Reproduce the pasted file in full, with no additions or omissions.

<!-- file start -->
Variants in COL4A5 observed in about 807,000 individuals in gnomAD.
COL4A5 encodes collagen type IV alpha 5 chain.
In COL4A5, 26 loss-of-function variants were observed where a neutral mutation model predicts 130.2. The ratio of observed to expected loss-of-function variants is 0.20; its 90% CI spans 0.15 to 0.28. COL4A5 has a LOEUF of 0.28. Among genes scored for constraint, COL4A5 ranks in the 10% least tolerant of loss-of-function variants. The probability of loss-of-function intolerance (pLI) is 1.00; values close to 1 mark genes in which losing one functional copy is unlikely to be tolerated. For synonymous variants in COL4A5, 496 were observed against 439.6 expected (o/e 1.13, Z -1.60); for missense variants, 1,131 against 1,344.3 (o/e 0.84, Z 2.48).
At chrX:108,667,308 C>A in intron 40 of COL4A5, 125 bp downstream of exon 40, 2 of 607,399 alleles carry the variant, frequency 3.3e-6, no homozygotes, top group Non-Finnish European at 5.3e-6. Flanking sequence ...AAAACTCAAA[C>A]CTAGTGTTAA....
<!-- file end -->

Variants in COL4A5 observed in about 807,000 individuals in gnomAD.
COL4A5 encodes collagen type IV alpha 5 chain.
In COL4A5, 26 loss-of-function variants were observed where a neutral mutation model predicts 130.2. The ratio of observed to expected loss-of-function variants is 0.20; its 90% CI spans 0.15 to 0.28. COL4A5 has a LOEUF of 0.28. Among genes scored for constraint, COL4A5 ranks in the 10% least tolerant of loss-of-function variants. The probability of loss-of-function intolerance (pLI) is 1.00; values close to 1 mark genes in which losing one functional copy is unlikely to be tolerated. For synonymous variants in COL4A5, 496 were observed against 439.6 expected (o/e 1.13, Z -1.60); for missense variants, 1,131 against 1,344.3 (o/e 0.84, Z 2.48).
At chrX:108,667,308 C>A in intron 40 of COL4A5, 125 bp downstream of exon 40, 2 of 607,399 alleles carry the variant, frequency 3.3e-6, no homozygotes, top group Non-Finnish European at 5.3e-6. Flanking sequence ...AAAACTCAAA[C>A]CTAGTGTTAA....